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A jury found Defendant–Appellant Kevin Leffler guilty of being a felon in possession of a firearm, possessing a short-barreled shotgun in furtherance of a drug-trafficking crime, possessing with the intent to distribute methamphetamine, and possessing an unregistered firearm. Defendant appealed only his conviction for possession of a short-barreled shotgun in furtherance of a drug-trafficking crime, arguing the Government presented insufficient evidence for the jury to find him guilty of this offense. Because Defendant waived his only asserted ground for appeal, the Tenth Circuit declined to address the merits of his claim. View "United States v. Leffler" on Justia Law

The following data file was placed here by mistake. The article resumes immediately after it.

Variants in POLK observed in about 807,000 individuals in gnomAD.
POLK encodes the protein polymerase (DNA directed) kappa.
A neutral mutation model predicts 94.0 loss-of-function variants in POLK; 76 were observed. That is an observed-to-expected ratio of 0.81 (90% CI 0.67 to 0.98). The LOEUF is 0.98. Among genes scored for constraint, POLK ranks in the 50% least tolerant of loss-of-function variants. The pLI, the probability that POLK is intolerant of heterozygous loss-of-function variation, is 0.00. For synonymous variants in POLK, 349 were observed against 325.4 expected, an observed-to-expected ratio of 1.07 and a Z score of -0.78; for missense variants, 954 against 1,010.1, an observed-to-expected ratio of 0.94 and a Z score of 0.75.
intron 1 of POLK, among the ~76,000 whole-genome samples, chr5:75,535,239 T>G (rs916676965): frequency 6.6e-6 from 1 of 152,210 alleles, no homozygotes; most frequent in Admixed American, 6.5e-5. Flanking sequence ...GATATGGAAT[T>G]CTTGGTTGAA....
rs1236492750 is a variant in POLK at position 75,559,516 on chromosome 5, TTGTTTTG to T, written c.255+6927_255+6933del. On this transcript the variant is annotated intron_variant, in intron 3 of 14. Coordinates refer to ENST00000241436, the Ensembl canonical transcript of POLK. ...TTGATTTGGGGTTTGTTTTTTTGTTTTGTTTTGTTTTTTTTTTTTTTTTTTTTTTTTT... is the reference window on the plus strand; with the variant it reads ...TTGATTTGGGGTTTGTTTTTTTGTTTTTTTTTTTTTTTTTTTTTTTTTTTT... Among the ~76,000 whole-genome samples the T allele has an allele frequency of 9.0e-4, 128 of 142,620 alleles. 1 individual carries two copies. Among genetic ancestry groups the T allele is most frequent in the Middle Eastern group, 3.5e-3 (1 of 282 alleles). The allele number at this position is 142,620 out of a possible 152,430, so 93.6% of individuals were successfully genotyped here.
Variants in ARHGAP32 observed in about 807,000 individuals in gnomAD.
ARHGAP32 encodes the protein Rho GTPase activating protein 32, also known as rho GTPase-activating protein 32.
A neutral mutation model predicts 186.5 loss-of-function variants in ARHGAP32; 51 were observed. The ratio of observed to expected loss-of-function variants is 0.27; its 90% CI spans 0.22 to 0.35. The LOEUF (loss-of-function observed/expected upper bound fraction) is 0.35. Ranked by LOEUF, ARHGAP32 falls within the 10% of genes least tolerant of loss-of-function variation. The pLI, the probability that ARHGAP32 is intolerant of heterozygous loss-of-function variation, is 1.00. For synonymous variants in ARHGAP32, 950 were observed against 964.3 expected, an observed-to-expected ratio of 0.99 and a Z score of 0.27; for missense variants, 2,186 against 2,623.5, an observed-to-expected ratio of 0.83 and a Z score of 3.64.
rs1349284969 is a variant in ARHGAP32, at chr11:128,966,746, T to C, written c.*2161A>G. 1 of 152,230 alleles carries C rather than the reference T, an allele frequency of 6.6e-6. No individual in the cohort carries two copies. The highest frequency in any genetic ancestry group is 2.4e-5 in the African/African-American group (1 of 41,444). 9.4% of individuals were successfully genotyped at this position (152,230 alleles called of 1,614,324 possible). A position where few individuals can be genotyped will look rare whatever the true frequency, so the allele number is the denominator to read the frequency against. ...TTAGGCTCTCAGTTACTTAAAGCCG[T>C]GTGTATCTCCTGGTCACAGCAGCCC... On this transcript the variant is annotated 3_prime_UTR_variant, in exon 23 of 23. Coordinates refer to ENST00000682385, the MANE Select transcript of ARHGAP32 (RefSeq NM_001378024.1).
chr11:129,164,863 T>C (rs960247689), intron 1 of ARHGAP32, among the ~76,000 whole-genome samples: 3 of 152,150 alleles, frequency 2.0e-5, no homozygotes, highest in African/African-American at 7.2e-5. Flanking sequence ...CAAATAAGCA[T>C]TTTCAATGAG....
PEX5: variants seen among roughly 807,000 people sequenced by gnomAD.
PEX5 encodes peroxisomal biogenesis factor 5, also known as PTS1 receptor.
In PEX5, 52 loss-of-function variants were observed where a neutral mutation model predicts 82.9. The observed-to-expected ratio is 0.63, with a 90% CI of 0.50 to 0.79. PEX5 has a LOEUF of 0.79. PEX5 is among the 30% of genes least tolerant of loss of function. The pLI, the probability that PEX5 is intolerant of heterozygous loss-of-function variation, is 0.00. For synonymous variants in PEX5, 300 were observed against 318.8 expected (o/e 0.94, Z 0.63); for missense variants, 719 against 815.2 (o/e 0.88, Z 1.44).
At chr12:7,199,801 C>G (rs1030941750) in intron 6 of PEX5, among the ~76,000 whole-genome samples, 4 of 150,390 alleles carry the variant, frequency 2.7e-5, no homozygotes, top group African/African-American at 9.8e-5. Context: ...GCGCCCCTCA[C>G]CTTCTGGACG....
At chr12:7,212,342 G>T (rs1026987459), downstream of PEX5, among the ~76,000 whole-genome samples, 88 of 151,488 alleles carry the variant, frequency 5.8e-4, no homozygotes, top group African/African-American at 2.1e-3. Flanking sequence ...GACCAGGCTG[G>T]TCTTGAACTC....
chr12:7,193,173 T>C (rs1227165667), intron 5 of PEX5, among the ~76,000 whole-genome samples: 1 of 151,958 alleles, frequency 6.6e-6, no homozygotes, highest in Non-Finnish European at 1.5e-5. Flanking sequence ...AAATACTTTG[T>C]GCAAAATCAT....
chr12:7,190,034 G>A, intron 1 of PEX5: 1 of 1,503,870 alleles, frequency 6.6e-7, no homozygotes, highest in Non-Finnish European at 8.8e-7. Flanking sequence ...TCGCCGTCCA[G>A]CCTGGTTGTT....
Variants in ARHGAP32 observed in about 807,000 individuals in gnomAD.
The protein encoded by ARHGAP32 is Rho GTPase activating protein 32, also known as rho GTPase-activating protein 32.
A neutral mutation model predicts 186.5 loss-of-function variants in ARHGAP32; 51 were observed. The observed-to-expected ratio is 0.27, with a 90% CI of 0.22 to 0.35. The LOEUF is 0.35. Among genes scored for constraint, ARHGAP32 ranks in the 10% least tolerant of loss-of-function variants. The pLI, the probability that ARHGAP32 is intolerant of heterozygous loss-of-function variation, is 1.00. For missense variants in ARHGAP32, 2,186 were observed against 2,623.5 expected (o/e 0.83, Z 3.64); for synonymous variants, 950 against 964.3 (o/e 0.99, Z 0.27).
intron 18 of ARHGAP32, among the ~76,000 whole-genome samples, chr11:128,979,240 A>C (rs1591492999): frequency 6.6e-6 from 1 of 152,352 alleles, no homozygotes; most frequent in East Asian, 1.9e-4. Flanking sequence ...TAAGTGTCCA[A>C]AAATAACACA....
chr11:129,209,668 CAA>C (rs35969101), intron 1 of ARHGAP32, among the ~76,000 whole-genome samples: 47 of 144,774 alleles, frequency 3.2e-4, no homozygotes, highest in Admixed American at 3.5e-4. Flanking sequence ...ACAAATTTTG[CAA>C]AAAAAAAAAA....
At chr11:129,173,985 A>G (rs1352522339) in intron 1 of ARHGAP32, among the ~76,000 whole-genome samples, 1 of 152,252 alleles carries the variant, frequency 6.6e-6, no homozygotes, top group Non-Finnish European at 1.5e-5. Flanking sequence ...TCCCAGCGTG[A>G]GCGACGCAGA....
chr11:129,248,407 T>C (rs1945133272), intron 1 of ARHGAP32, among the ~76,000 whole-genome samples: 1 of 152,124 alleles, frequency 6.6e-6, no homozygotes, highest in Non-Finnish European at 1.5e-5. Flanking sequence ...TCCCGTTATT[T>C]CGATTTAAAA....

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Defendant-appellant Derrick Williams pled guilty to transportation of child pornography, and possession of child pornography, reserving his right to appeal the denial of a motion to suppress. Williams, an American citizen, boarded an international flight bound for Denver International Airport (DIA). Once on the ground, he proceeded to customs where his passport triggered multiple “lookout” alerts in the U.S. Customs and Border Patrol (CBP) enforcement system. The alerts instructed CBP officers to escort Williams to DIA’s secondary screening area where he was met by a Homeland Security Special Agent. Authorities had not linked Williams to any terrorist activity, he was known to them for previous felony convictions involving weapons possession charges, trespass and fraud. At the close of the interview, the Agent Allen explained to Williams that his electronic devices, a laptop and a smartphone, would be searched. He asked for the devices’ passwords, which Williams refused to give. His electronics were taken to be returned to Williams later. In bypassing the device passwords, investigators discovered a folder containing child pornography. A search warrant was issued authorizing a full forensic search. The search ultimately yielded thousands of images and videos of child pornography. Williams was indicted and moved to suppress the evidence obtained from his laptop on grounds that it was tainted by the search conducted prior to the issuance of the search warrant. He argued that the agents needed reasonable suspicion for this kind of search and that, because they did not have it, his Fourth Amendment rights were violated. The government countered that the Fourth Amendment allowed for suspicionless searches at the border and that, even if reasonable suspicion were required, they had ample reason to suspect that Williams was involved in criminal activity. The district court held a hearing on the matter and subsequently denied the suppression motion. Williams raised multiple issues on appeal to the Tenth Circuit, but finding no reversible errors, the Tenth Circuit affirmed denial of the motion. View "United States v. Williams" on Justia Law